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Keep your food chilled when the lights go out. Power failures can be one of the most annoying and disabling occurrences in a community. Whether caused by summer storms, equipment failure, an overloaded regional grid or an animal disrupting a power line, electrical outages can be costly, uncomfortable and sometimes even dangerous. Residents can face many hazards when a power failure occurs. Power loss is usually without any warning. Unfortunately, refrigerated and frozen foods can end up spoiled if the power is out for too long. However, some food items can be salvaged if you’re prepared. In anticipation of a power failure: Have at least one or two coolers on hand, and at least one spare 5-pound bag of ice in the freezer. Know where to get bagged, block or dry ice quickly when you need it, particularly if you anticipate a long-term outage. (Caution: Dry ice is made from carbon dioxide, so it requires safe handling. Never breathe in its vapors or touch it with your bare hands.) According to the Food Safety Branch of Kentucky’s Department of Health, a 50-pound block of dry ice will keep a tightly packed, 18-cubic-foot freezer cool for up to two days. Have an instant food thermometer or appliance thermometer available to ensure your freezers, refrigerators and coolers are staying cool enough to store food safely. Arrange the refrigerator and freezer efficiently. Frozen food can last up to 48 hours in a full freezer if tightly packed. Refrigerated food will last up to four hours if there is room for air to circulate around items. When the electricity goes off: Avoid opening and closing the refrigerator unless absolutely necessary. Cook and use perishable food before using canned food. Check the temperature of refrigerated foods if the power is out for more than a few hours. Discard any food item than has been at 40° F or warmer for two or more hours. Exceptions include butter and margarine; hard cheeses like parmesan and Romano; some condiments like mustard, peanut butter, soy sauce, olives and vinegar-based salad dressing; and fresh, uncooked fruits and vegetables. Check the temperature of frozen foods as well. While tightly packed freezer foods will stay frozen for many hours, some items that may have thawed can be refrozen if they still retain ice crystals or have remained at a temperature lower than 40°. Fruit and vegetable juices; breads, rolls and pie crusts; flour, cornmeal and nuts; meat and chicken; and prepared foods and casseroles can be refrozen safely if they have not been at 40° F or warmer for more than two hours. After the power comes back on, you may need to deodorize the refrigerator and freezer by washing surfaces with a solution of 2 tablespoons baking soda dissolved in a quart of warm water. Place an open box of baking soda inside the refrigerator to absorb any lingering odors. Since the appearance and odor of a food item isn’t an accurate indication of its safety after a power outage, use the 40° rule-of-thumb. And when in doubt, discard the food. While your power can go out any time, most power failures occur during the months with the most rain. But no matter when our community experiences an outage—and it inevitably will—knowing how to handle frozen and refrigerated foods can help us keep your food supplies safe until the lights come back on. Please follow and like...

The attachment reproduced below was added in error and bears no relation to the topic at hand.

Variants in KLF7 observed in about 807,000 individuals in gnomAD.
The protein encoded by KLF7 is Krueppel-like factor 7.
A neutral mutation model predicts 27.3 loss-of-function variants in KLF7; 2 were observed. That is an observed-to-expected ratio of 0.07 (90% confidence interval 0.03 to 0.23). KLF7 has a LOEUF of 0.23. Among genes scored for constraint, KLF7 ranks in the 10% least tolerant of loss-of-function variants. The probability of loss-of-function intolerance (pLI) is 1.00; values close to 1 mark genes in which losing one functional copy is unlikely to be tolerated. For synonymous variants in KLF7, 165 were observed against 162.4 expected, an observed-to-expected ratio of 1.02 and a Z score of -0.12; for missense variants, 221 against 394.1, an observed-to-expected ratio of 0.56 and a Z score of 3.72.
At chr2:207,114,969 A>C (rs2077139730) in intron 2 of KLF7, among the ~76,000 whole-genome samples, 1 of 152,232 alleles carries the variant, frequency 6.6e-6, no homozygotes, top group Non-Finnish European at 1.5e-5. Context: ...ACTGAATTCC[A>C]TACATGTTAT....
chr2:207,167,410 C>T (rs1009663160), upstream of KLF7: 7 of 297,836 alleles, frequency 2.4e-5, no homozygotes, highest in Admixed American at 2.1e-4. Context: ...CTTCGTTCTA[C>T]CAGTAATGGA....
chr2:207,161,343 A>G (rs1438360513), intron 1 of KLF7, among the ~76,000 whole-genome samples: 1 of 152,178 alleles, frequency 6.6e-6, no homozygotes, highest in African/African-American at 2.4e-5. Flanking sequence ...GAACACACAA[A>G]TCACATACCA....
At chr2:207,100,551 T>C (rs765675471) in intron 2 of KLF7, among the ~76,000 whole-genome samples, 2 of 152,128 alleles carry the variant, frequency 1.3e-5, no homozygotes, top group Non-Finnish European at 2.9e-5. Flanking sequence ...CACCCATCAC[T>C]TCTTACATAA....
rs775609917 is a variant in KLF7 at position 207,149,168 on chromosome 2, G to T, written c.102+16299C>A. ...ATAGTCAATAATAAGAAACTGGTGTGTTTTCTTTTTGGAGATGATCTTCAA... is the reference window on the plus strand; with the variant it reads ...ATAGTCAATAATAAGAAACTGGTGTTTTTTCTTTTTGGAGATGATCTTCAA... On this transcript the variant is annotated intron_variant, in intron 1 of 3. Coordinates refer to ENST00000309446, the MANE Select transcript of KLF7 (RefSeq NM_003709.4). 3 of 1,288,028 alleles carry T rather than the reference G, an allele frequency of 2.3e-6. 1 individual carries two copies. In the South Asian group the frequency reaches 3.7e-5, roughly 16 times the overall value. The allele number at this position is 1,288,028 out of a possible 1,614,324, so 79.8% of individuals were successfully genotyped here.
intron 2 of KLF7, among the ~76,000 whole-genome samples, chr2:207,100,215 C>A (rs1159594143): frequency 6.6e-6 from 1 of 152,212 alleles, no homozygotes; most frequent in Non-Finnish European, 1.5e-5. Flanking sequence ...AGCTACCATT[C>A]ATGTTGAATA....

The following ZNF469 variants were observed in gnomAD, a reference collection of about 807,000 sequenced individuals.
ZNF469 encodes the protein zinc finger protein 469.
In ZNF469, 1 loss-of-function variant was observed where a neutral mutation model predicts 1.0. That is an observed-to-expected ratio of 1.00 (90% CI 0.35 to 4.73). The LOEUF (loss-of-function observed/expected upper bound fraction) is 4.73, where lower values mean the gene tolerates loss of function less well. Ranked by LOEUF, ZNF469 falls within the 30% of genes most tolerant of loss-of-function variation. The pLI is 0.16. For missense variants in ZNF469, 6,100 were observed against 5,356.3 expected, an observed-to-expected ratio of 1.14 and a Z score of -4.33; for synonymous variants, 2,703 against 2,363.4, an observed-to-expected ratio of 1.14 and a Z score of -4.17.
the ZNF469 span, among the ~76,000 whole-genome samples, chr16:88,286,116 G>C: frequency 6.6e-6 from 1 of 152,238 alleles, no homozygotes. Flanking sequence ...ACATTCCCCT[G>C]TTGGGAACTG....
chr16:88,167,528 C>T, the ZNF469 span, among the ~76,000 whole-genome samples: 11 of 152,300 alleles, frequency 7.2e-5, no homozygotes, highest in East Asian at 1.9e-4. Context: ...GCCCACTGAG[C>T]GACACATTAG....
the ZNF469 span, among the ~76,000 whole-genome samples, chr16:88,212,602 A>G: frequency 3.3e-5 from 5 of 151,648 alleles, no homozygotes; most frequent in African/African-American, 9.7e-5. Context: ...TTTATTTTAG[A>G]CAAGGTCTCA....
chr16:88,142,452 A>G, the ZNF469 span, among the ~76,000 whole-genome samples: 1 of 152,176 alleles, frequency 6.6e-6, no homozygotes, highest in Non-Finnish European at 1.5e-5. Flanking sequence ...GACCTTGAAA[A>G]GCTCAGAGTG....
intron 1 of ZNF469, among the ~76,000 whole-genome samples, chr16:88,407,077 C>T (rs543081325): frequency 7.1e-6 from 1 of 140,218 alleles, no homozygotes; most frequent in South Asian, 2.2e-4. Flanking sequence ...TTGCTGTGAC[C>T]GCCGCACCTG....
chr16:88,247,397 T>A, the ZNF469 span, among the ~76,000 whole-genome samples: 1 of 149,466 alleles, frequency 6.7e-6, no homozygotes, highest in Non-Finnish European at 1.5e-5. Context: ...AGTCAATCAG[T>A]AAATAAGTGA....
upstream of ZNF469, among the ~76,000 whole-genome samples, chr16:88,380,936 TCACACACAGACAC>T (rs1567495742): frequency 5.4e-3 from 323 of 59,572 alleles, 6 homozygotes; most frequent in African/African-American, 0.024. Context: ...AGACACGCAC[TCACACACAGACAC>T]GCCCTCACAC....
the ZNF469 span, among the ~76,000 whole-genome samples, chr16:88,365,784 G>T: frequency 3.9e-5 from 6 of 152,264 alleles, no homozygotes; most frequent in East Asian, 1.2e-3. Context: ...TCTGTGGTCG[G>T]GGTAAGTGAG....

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Pet Rules and Guidelines

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Many of our communities are proud to be pet-friendly, and we’re happy your furry family members are part of them. Of course, like any good neighbor, it’s important that these pets don’t create an unpleasant environment for everyone else. To avoid unnecessary disputes and potential rule violations, here are some guidelines owners should follow to ensure their four-legged friends continue to be a welcome addition to the neighborhood. Read the Rules: While your association might welcome pets, there are typically a few rules and requirements that need to be taken into consideration. Please check our website for the covenants and restrictions for your community or the association’s governing documents for more information. Service animals are exempt from the association’s pet requirements. However, please contact the board or manager to ask for an accommodation to keep a service animal. Proof of the service animal’s training or a doctor’s certification may also be required. “Each person with a disability who has a service dog, especially trained to aid such person or who obtains such a dog, shall be entitled to full and equal access to all housing accommodations as defined in R.S. 46:1952(2), and he shall not be required to pay extra compensation for such dog but shall be liable for any damage done to the premises or any person on the premises by such dog.” https://www.animallaw.info/statute/la-assistance-animal-assistance-animalguide-dog-laws Keep it Clean: No one wants to see, smell or accidentally step in the droppings that your dog left on the grassy common area. When your dog needs to go, be sure to properly dispose of it, preferably in a pet waste disposal can. Not only will this keep your community looking better, but it will help keep ground water clean and help prevent the spread of fecal-borne diseases. Quiet Down: Pets will be noisy from time to time. However, when loud barking or meowing becomes annoying to neighbors, it’s time to help your pet become less talkative. First, try to find out what causes your pets to get vocal: Do they get noisy when they’ve been alone and bored all day and need some playtime? Have they gone through a stressful change in environment recently? Are they suffering from health issues? Do they simply like saying “hello” to every squirrel, person or car that passes by? When you’ve identified the cause, take remedial actions such as confining them to an area where they feel calm while you’re away, removing or blocking as many stimuli as possible, exercising them more and spending more time with them. You can also take them to a professional or search online for tips on how to train your pets not to get too noisy. No Wandering: For the safety of your pets as well as all residents, please do not allow your pets to roam unattended outside. Along with helping protect your pets, leashing your dog is the law. Please follow and like...